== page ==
I like to consider myself a lover of niche music genres. I love uncovering new music and I continually encourage myself to step out of my comfort zone, by appreciating a range of different sounds. My journey through these various sounds has now landed me at the door of “Cosmic Trap”. Bristol-based vocalist Chikaya is on a mission to bring “Cosmic Trap” to the forefront of the mainstream music scene.
Yesterday, she dropped her bold new six-track EP ‘DESCEND’ featuring a fusion of auras. This blue-haired vocalist stands out amongst the crowd not only for her striking individuality in style, but also for her dynamic vocals which elevate above each and every serene instrumental. Every song evokes a different feeling, transports you to a different place and has a different backstory. As you journey through Chikaya’s discography, from her past work to this new EP, you really start to get a realisation of the type of musician she is moulding herself to be.
Each instrumental creates different mental pictures and various feelings of tranquillity that are complimented by Chikaya’s soothing voice. The track Islands from the EP, ultimately made me feel free. It created a mental picture in my mind. As I closed my eyes, I began to imagine myself sailing across the ocean admiring the waves, appreciating the life in the distance. Every time the song grew louder, I began picturing the tide coming in. That’s the power of music and the beauty of Chikaya’s newest experimental EP.
She caught up with me for a chat about DESCEND and also unveiled a little bit about the roots behind her style “Cosmic Trap”…
How would you define “Cosmic Trap” and where did the name originate from?
Cosmic trap is a style I created through experimentation and inspiration. It comes from my love of all things sci-fi and heavy basslines. Not everything I make is cosmic trap, but everything I’ve made has cosmic trap influences. Now that I have found my own niche, I want to continue to develop and play around with it.
Nice, so now onto your new EP ‘DESCEND’. What do you want people to feel when they listen to it? How do you want people to digest your music?
This EP has a multitude of moods all the way through. That was the intention. The opening song Symmetry is totally different to the closing song Islands. This is one of the reasons why the EP is titled ‘DESCEND’. I wanted it to be a journey downwards/inwards, so I made it as diverse in moods as possible. We feel all types of ways all of the time and I’d rather always express that than stick to one mood. If I’m making people feel any kind of emotion when they’re listening, then I feel like I’ve done my job.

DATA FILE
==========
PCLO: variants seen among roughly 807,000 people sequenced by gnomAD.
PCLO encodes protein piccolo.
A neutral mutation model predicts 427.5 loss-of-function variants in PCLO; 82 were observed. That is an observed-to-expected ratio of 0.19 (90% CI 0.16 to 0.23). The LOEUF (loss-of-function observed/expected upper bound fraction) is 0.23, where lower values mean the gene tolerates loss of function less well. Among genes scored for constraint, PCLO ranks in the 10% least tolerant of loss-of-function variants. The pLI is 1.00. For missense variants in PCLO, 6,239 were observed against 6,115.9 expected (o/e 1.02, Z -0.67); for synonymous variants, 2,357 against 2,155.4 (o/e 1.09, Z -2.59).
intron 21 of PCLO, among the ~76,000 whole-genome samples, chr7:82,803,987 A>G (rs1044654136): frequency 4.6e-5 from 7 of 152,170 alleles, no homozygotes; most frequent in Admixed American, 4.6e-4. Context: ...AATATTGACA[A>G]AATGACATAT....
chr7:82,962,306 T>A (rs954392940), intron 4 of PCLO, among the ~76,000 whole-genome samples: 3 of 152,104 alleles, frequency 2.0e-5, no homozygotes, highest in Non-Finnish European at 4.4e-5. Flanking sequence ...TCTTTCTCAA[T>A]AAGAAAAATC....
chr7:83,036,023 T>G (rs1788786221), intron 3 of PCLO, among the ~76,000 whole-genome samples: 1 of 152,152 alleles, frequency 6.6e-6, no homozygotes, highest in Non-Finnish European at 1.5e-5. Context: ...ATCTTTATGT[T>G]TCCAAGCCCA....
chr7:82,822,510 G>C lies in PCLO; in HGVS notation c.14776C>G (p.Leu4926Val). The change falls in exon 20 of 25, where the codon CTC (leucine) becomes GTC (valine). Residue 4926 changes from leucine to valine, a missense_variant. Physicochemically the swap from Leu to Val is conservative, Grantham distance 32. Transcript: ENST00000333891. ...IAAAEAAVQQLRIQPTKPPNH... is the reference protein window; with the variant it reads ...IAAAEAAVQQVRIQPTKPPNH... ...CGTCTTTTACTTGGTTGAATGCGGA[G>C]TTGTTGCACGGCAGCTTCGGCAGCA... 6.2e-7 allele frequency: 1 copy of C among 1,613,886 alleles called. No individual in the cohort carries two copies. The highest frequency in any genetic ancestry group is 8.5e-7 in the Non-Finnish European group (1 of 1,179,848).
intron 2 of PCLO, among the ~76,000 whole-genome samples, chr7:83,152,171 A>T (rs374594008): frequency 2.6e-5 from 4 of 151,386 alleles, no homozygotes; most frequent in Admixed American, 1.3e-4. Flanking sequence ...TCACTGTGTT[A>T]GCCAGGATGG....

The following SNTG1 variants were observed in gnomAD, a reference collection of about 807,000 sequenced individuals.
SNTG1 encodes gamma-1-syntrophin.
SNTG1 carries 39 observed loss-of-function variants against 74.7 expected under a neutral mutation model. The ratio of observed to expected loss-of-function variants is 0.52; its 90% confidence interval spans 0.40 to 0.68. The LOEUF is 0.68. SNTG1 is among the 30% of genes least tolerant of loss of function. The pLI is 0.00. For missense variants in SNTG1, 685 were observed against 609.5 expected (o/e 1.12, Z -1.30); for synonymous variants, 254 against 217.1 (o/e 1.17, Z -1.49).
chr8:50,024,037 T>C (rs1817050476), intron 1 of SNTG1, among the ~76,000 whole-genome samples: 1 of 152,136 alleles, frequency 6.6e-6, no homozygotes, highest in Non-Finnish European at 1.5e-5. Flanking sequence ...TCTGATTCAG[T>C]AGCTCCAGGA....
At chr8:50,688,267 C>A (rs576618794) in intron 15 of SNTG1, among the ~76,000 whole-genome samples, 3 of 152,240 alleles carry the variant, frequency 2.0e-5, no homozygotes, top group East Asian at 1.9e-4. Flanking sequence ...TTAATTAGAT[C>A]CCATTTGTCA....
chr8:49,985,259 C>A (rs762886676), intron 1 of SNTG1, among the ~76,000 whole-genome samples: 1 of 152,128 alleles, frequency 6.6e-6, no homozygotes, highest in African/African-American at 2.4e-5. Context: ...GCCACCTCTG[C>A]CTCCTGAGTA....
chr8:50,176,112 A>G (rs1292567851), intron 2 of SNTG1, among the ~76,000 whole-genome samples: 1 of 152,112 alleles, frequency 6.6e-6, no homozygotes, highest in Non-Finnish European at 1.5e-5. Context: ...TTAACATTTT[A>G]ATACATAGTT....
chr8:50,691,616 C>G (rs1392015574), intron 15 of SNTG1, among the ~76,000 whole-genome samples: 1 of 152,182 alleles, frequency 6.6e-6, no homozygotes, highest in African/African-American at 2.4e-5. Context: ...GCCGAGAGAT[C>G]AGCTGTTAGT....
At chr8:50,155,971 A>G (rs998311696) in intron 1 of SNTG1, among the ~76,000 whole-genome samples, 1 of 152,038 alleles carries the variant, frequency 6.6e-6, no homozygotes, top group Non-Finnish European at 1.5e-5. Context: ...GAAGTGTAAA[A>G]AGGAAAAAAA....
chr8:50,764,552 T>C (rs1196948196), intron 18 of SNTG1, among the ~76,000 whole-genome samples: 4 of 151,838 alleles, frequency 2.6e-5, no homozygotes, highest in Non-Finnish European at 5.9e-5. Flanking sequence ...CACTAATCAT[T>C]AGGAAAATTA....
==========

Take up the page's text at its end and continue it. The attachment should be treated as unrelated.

That’s a great way to look at it. What was the most challenging song to make on this EP and why?
I can’t really pinpoint a song that was challenging, because it was all a breeze to create with the producer. Having been growing for many years, this is the first time I can openly say, that I’m working out exactly what I’m trying to say with my music. In the last five months, we created a sh*t load of music and then chose the strongest six.
“It was only ever meant to be a three-track EP, but the creativity was strong so the material just flowed out”.
What new knowledge have you gained about the technical side of music from working with different producers?
Watching the creative process with my producer has been eye-opening for me. I’ve learnt a lot to do with what really works best for my sound. I also tried my hand in a DIY video for my song TGI which I edited with old school sci-fi videos. That was a lot of fun and something I’m going to do more of in the future.
What type of genres was more popular in your hometown growing up and how has this helped to form the basis of your sound today?
I wouldn’t say there was any specific type of genre; I just listened to what I liked and what I was resonating with through the years. The first gig I played was in college. I sang covers like Foxy Lady (Foxey Lady) by Jimi Hendrix. For a while, I was convinced that was my kinda style, only to discover as time went by that there were just too many genres that I felt I could work with. My head just exploded a bit lol. In the end, I really just had to be patient with myself, develop and play around with as many ideas as possible. So, I could figure out what is me and me alone.
There’s literally only a couple of months left until the end of 2018! What do you hope to achieve before the year is up?
I want to bring something different to the table, expand my sound and continue to build…
Listen to DESCEND here